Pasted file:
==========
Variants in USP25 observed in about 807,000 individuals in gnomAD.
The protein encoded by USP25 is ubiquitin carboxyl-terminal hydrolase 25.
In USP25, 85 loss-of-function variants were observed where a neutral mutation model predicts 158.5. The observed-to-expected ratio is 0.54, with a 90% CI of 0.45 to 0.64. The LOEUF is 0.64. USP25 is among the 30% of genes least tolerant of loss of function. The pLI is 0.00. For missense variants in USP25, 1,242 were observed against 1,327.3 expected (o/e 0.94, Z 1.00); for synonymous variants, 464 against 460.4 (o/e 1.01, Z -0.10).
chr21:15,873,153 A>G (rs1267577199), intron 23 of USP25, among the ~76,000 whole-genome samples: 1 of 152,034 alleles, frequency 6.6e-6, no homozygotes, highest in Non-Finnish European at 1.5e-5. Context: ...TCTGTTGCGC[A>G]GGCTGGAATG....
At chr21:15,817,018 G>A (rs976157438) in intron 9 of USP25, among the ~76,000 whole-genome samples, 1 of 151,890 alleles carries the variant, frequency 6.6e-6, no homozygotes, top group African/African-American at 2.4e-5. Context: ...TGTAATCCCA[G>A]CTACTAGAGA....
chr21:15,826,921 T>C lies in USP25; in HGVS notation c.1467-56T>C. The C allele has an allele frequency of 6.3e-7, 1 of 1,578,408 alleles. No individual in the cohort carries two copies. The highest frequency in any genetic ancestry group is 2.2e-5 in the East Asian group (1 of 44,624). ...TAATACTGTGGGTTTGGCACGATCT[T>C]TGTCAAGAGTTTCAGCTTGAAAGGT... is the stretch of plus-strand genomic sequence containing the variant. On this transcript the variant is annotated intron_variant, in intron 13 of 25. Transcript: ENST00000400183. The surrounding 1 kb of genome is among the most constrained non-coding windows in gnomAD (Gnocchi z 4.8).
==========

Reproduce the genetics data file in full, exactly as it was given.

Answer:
Variants in USP25 observed in about 807,000 individuals in gnomAD.
The protein encoded by USP25 is ubiquitin carboxyl-terminal hydrolase 25.
In USP25, 85 loss-of-function variants were observed where a neutral mutation model predicts 158.5. The observed-to-expected ratio is 0.54, with a 90% CI of 0.45 to 0.64. The LOEUF is 0.64. USP25 is among the 30% of genes least tolerant of loss of function. The pLI is 0.00. For missense variants in USP25, 1,242 were observed against 1,327.3 expected (o/e 0.94, Z 1.00); for synonymous variants, 464 against 460.4 (o/e 1.01, Z -0.10).
chr21:15,873,153 A>G (rs1267577199), intron 23 of USP25, among the ~76,000 whole-genome samples: 1 of 152,034 alleles, frequency 6.6e-6, no homozygotes, highest in Non-Finnish European at 1.5e-5. Context: ...TCTGTTGCGC[A>G]GGCTGGAATG....
At chr21:15,817,018 G>A (rs976157438) in intron 9 of USP25, among the ~76,000 whole-genome samples, 1 of 151,890 alleles carries the variant, frequency 6.6e-6, no homozygotes, top group African/African-American at 2.4e-5. Context: ...TGTAATCCCA[G>A]CTACTAGAGA....
chr21:15,826,921 T>C lies in USP25; in HGVS notation c.1467-56T>C. The C allele has an allele frequency of 6.3e-7, 1 of 1,578,408 alleles. No individual in the cohort carries two copies. The highest frequency in any genetic ancestry group is 2.2e-5 in the East Asian group (1 of 44,624). ...TAATACTGTGGGTTTGGCACGATCT[T>C]TGTCAAGAGTTTCAGCTTGAAAGGT... is the stretch of plus-strand genomic sequence containing the variant. On this transcript the variant is annotated intron_variant, in intron 13 of 25. Transcript: ENST00000400183. The surrounding 1 kb of genome is among the most constrained non-coding windows in gnomAD (Gnocchi z 4.8).